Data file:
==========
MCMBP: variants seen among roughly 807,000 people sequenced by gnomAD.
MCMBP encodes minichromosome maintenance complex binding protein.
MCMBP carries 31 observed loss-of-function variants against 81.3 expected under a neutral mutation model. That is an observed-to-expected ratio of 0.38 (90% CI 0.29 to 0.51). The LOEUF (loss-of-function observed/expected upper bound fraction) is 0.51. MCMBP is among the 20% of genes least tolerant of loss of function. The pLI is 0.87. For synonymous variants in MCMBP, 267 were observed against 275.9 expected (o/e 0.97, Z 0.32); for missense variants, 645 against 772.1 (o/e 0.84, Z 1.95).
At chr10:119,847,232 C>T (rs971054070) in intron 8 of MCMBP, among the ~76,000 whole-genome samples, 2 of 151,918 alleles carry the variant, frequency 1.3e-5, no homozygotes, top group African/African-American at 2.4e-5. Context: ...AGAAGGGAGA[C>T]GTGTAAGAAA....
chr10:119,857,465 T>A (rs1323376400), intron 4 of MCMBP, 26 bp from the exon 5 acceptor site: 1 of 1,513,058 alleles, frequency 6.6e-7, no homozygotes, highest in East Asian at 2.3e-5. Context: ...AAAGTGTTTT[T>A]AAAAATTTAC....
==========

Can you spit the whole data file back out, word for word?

MCMBP: variants seen among roughly 807,000 people sequenced by gnomAD.
MCMBP encodes minichromosome maintenance complex binding protein.
MCMBP carries 31 observed loss-of-function variants against 81.3 expected under a neutral mutation model. That is an observed-to-expected ratio of 0.38 (90% CI 0.29 to 0.51). The LOEUF (loss-of-function observed/expected upper bound fraction) is 0.51. MCMBP is among the 20% of genes least tolerant of loss of function. The pLI is 0.87. For synonymous variants in MCMBP, 267 were observed against 275.9 expected (o/e 0.97, Z 0.32); for missense variants, 645 against 772.1 (o/e 0.84, Z 1.95).
At chr10:119,847,232 C>T (rs971054070) in intron 8 of MCMBP, among the ~76,000 whole-genome samples, 2 of 151,918 alleles carry the variant, frequency 1.3e-5, no homozygotes, top group African/African-American at 2.4e-5. Context: ...AGAAGGGAGA[C>T]GTGTAAGAAA....
chr10:119,857,465 T>A (rs1323376400), intron 4 of MCMBP, 26 bp from the exon 5 acceptor site: 1 of 1,513,058 alleles, frequency 6.6e-7, no homozygotes, highest in East Asian at 2.3e-5. Context: ...AAAGTGTTTT[T>A]AAAAATTTAC....